The Baal Shem Tov, or Besht —  the founder of Chasidism — 
met the soul of the Messiah during an ascent to heaven. 
The Besht asked him, "When will the Master come?" 
The Messiah answered, "When your wellsprings break forth to the outside!" 
(from a letter written by the Besht to his brother-in-law about one of his soul ascents) 

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I wrote a letter to JNF and emailed my Rabbi, Margaret Holub, to open discussion of a way to bring this topic into our community so that as a group we can take action (and not create tension and fighting among people).

I thank you David, for this web site and your leadership.
Hyla Bolsta

Hyla Bolsta , posted July 26, 2007 06:26 PM

With all due respect, have you been equally as up in arms about the decision of the Israeli gov't to uproot its loyal citizens from Gush Katif? And once the decision was carried out, what have you done to support the resettlement of these Jews, and their reintegration into the rest of Israeli society?

Heshy Rosenwasser , posted December 21, 2007 05:34 PM

Dear Heshy,

I appreciate the question, and the respect. Because this issue stands on its own, whatever position you or I took on Gush Katif is not related. So my personal answer may not be relevant to the people I hope will take a stand against Blueprint Negev—though you can read what my position on the Gush Katif settlers was below.

The main thing is that we can do something still to stop this uprooting.

Concerning the tachlis, there are of course many obvious differences between the Negev and Gaza, and between the settlers and the Bedouin. One important one is that all the Gush Katif settlers knew when they went there that the territory might be ceded in the future, and another one is that the settlers gave up a normal way of life to move to Gaza, and are being offered (we hope authentically) the chance to restart a normal way of life in Israel proper.

The sacrifices the settlers made notwithstanding, the Bedouin are being asked to live in a way which would destroy any chance they have of maintaining their traditional way of life. So it's kind of the inverse problem.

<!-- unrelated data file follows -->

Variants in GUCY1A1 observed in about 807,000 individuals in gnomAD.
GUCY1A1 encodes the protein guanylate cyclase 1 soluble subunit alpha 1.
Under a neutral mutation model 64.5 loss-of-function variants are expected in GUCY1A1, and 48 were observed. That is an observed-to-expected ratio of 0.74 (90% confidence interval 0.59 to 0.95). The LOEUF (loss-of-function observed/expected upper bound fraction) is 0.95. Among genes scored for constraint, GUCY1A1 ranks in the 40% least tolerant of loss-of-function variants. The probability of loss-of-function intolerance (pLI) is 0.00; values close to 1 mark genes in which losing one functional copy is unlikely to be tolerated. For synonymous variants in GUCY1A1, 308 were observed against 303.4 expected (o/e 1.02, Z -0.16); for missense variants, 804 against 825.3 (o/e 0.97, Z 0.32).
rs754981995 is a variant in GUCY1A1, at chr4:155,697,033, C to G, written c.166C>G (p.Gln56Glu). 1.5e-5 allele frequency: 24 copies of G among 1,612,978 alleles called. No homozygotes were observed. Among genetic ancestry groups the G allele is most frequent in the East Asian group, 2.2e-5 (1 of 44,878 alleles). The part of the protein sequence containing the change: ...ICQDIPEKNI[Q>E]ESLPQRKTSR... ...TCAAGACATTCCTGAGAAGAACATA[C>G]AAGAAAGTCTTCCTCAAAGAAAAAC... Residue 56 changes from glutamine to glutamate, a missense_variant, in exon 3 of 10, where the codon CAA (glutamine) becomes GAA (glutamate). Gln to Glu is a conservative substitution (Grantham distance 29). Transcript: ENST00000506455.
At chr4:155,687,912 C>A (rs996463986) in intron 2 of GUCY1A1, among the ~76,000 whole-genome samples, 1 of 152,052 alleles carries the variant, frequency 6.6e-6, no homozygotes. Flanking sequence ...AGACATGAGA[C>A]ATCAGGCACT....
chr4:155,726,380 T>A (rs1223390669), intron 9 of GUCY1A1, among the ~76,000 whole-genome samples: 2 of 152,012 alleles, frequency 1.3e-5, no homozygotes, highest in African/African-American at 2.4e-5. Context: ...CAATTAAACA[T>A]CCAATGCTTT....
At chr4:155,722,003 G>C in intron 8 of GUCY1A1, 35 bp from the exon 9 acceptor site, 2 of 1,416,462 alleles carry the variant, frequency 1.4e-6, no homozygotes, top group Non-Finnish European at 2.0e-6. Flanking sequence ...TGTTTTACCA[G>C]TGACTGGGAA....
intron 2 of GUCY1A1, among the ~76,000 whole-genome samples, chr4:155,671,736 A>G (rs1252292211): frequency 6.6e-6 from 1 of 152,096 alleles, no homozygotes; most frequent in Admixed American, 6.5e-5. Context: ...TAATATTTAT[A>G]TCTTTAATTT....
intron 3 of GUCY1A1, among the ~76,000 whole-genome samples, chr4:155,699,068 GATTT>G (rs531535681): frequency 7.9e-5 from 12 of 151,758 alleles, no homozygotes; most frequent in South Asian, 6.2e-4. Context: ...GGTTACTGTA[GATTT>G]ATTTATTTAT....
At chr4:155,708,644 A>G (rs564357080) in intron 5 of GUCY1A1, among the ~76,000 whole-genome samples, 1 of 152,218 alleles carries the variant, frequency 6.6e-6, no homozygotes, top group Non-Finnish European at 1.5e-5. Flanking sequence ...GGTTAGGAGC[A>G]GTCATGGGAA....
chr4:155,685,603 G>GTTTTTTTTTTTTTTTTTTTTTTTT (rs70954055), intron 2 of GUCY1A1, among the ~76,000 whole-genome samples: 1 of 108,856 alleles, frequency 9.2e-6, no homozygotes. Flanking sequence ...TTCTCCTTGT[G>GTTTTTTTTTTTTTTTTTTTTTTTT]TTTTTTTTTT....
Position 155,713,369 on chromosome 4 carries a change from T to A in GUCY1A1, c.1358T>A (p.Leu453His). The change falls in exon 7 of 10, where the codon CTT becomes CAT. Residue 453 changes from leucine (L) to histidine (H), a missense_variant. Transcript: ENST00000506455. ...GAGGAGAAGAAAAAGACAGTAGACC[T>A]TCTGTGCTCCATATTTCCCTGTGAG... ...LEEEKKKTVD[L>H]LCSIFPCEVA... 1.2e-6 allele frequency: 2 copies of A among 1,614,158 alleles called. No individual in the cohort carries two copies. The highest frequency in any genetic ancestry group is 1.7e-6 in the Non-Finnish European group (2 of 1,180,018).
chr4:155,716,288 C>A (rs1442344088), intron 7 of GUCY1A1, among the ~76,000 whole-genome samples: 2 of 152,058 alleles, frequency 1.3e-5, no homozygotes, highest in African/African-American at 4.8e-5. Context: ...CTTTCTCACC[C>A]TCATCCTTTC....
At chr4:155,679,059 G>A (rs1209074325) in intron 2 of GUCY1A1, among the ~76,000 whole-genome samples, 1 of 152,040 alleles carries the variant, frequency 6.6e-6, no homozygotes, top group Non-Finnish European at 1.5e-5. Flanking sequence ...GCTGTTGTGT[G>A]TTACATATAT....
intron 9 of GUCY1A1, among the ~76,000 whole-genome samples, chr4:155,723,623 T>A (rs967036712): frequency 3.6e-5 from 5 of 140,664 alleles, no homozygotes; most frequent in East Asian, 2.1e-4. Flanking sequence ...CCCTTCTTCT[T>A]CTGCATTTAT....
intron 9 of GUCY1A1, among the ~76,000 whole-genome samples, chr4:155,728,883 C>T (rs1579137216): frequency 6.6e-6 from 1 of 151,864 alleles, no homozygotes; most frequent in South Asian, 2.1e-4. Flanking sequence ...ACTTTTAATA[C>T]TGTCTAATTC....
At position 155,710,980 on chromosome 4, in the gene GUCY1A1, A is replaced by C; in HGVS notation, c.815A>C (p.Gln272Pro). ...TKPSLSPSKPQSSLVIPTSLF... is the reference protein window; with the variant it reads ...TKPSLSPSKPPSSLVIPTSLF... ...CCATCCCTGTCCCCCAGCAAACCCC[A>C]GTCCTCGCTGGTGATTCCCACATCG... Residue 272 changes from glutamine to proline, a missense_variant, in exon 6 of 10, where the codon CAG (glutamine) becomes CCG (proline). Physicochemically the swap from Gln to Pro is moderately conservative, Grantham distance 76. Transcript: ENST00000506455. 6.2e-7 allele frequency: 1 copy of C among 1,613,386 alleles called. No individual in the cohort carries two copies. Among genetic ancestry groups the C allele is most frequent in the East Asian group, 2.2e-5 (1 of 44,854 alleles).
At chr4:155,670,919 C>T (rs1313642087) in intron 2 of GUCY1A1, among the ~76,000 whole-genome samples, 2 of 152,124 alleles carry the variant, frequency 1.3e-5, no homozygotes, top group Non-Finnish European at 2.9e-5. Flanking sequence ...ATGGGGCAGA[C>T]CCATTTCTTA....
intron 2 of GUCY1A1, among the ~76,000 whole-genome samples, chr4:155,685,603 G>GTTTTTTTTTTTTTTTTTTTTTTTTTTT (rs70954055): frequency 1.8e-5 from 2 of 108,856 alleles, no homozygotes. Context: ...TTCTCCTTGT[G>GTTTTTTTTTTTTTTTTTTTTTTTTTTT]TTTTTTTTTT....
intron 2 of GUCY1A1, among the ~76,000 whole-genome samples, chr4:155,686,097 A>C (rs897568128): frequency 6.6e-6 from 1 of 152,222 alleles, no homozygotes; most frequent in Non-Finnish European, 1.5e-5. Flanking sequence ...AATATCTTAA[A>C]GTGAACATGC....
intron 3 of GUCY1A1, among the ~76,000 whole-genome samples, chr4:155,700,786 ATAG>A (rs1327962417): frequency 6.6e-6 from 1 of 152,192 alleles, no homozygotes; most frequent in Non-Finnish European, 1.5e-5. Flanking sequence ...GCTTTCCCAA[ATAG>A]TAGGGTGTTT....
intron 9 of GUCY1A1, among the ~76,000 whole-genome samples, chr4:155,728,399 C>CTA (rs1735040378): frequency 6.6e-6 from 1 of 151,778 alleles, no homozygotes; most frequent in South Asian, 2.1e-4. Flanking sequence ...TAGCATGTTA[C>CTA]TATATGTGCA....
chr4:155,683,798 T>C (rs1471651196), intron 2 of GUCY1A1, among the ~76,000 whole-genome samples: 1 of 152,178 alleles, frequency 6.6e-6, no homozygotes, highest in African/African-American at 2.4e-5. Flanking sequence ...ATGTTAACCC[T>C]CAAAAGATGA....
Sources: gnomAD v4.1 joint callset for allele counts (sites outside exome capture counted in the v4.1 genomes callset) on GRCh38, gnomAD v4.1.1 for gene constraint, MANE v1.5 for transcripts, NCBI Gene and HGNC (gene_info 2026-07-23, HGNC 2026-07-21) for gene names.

One can claim that the validity of Zionism rests and falls on how the Jewish state treats the ger toshav (the non-Jews living peacefully under Israel's jurisdiction). That measure comes not just from the ideals of Zionism but also from the basic definition of what our end of the covenant is, according to the Torah.

Nevertheless, I do have a personal answer about Gaza: I always supported whatever efforts the government would make to help the Gaza setttlers with reintegration. I was there during the summer of the hitnatkut (the "disengagement"), and even though I strongly supported the withdrawal, I also went to demonstrations and events by the folks in orange because they needed to be heard.

BTW, one of the proposed avenues for resettling the people who returned from Gaza is to create similar settlements in the Negev. There's every reason why that can and should happen in a good way, without driving the Bedouin into the economic equivalent of shanty-towns. A new blueprint for the Negev should mean sustainable development for all.

– Reb Duvid

David Seidenberg , posted December 21, 2007 08:08 PM

I am continually outraged by the treatment of the Bedouin in the Negev. Have we not learned from Canada and the United States what happens when we force nomadic indigenous cultures onto "reservations"??? I wish Israeli government would regonize this flaw, and I wish the JNF would show more insight into this human rights atrocity. Not to mention--how sustainable is it REALLY to place hundreds of thousands of people in a desert where there is no water?! I don't see how this is in ANY way sustainable.

Courtney Robinson, Indianapolis Hebrew Congregation , posted March 31, 2008 12:22 AM

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